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shelter game environment art

a piece that i'm working on for job portfolio as a game environment artist ... feedback are so much appreciated ...
maya and zbrush for basic low poly and high poly models and baked details in substance .
used ue5 lumen for lighting and final composition. 


  • radet5
    Hi Omar! I've got a fair amount of feedback for you which hopefully will be helpful. I'm certainly not a professional so I can't provide a real expert opinion but I have studied quite a bit and I can share my thoughts on a peer-review level. I'm not sure where in the process you are on this scene so I'm just going to list everything that stands out to me on first impression, knowing that you may already be well aware of the issues.

    Big Picture
    On a high level I'd recommend putting some more thought into the visual storytelling of your scene which will give the player a sense of immersion. For interiors I find it helpful to have some idea of 1) who built the space, 2) what purpose/purposes they built the space for and 3) what has happened here before the player arrived. Not all of that has to be fully communicated in the scene, but the more you can incorporate the more real it's going to feel.

    For the room's purpose this scene has some inconsistencies content-wise which pull it in too many directions. The beds, couches, dressers and armchairs imply living quarters and downtime for the crew/passengers, but the white desk looks like a medical station but it seems to have food/drink containers on it, the chemicals on the shelf suggest an industrial space or laboratory, and the airlock doors suggest a loading bay or entry point (not to mention that they're blocked by chairs). Now a small ship or station could potentially have some of these spaces combined, but it be done in a much more efficient manner and be much more conservative with use of the space.

    I would recommend picking one or two of these functions and focus on that. Living quarters seems to be the most prominent so you could for instance re-work the airlocks to look like regular access panels and not have them blocked by chairs, take the medical/lab makings off of the desk and perhaps give it a less sterile texture, replace the chemicals with stored food and water. If you do multi-function then either give them more physical separation within the room or make them look more modular (like desks/beds that fold into the wall) and maybe make the beds into bunk beds. There's also a few assets on the other end of the room which I can't tell what they're supposed to be. Some sort of tanks and a stand? In a different context the mysterious tanks might make sense but as-is unless it's a mystery the player should be trying to unravel or marvelous tech then it should be more obvious at first glance otherwise it's just detracting from the impact of the scene.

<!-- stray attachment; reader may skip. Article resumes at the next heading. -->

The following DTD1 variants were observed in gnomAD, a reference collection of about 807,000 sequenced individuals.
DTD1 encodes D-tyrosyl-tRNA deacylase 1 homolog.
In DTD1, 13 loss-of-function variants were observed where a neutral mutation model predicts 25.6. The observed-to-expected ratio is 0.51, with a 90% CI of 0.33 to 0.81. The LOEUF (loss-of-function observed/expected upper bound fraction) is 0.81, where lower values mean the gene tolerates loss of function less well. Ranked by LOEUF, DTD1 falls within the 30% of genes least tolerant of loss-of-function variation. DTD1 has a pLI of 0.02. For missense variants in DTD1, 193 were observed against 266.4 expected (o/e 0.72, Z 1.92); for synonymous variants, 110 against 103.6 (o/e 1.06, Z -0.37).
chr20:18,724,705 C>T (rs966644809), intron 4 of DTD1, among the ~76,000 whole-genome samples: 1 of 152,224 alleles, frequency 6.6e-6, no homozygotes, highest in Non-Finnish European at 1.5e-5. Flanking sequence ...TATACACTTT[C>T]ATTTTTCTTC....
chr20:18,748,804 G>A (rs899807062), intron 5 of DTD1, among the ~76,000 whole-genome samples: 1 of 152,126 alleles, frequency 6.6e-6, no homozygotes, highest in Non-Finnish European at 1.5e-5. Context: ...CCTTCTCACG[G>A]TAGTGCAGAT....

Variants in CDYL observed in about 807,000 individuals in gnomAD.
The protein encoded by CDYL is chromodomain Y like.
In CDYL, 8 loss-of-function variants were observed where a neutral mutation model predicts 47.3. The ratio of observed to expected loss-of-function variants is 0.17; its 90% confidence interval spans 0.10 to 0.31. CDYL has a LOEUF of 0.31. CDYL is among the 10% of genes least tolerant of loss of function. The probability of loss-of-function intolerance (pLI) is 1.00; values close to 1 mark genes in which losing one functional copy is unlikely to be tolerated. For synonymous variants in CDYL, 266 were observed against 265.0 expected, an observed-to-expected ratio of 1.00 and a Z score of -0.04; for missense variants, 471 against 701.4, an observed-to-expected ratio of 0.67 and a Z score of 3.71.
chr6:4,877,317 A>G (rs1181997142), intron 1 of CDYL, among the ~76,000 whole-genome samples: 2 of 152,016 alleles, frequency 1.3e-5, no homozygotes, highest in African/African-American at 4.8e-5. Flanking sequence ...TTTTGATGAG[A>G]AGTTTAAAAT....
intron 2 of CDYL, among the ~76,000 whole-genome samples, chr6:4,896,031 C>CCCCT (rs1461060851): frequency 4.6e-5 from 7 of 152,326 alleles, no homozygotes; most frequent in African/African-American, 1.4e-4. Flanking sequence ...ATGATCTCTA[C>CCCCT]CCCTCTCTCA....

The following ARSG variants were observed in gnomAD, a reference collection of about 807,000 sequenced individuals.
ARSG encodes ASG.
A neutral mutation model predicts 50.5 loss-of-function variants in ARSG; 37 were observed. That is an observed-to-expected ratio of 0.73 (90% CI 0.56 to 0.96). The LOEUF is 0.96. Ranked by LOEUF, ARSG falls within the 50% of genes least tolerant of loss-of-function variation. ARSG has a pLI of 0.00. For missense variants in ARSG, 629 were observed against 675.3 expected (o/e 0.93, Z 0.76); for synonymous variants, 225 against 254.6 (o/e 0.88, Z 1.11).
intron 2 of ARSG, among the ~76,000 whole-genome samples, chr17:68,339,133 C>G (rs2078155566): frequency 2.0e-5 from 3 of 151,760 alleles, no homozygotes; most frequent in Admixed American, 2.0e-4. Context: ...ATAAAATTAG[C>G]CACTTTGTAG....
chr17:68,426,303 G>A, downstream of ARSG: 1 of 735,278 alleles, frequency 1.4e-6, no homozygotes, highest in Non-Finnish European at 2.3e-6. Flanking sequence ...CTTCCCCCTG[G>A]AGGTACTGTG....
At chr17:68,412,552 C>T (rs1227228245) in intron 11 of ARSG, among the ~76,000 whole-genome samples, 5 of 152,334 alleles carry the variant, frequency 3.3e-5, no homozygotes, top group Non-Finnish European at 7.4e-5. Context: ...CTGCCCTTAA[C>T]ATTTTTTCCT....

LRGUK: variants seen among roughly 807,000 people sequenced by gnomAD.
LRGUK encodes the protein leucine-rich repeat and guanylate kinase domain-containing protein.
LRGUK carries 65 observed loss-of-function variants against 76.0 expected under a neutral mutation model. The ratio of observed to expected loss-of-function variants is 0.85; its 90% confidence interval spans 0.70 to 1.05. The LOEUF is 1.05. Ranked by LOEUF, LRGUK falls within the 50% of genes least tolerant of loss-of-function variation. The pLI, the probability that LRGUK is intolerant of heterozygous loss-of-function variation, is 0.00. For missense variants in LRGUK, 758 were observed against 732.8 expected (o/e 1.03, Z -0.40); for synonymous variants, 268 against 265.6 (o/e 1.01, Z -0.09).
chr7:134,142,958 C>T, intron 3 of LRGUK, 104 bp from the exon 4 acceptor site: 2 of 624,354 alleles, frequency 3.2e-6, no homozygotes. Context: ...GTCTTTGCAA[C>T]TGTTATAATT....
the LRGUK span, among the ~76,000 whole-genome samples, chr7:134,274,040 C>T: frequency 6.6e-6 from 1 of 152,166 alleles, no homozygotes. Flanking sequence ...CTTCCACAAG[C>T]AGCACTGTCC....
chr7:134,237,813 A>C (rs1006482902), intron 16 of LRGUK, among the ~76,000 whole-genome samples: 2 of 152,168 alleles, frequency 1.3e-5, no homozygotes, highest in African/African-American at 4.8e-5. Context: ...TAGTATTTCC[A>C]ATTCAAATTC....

There is very little indication of what has happened here. The "CAUTION" on all the displays is the best indication we get, but nothing else about the environment implies any kind of emergency has occurred. If there is no emergency and this is meant to be more of just a general reminder to residents to be careful it doesn't make a lot of sense given that there does appear to be anything dangerous around which would warrant due caution. This space also feels neither live-in nor abandoned. There is no dirt, no food, no personal items, no dust, everything is in plastic-perfect condition. Perhaps part of the world building is that this is a very strict station and everyone is VERY clean and tidy but even in that case there should be something which indicates this, like labelled and very organized storage, lots of cleaning products and tools, maybe notes or signs reminding everyone of the importance of cleaning mandates and repairs. Though I think even in this case there will be SOME wear-and-tear.

    Technical and Artistic Details
    Some of the textures have been stretched too far and the artifacts are distracting. Particularly the octagonal shapes on the floor and the texture across the walls. Also besides being to stretched, that texture seems too randomly placed and noisy. I think it works for the ceiling but it is too much going all over all the walls.

    The different sections of the flooring need something to divide or transition between where the seams of the textures meet. particularly the metallic triangles. Even just a long thin beveled grey rectangle to serve as trim would probably work.

    The normals on the couches and chairs seems too high and the roughness too low.

    The door on the far end blends into the walls too much.

    Ok that's all I have at a glance! Hopefully some of that is useful. I look forward to seeing what you do with the project!
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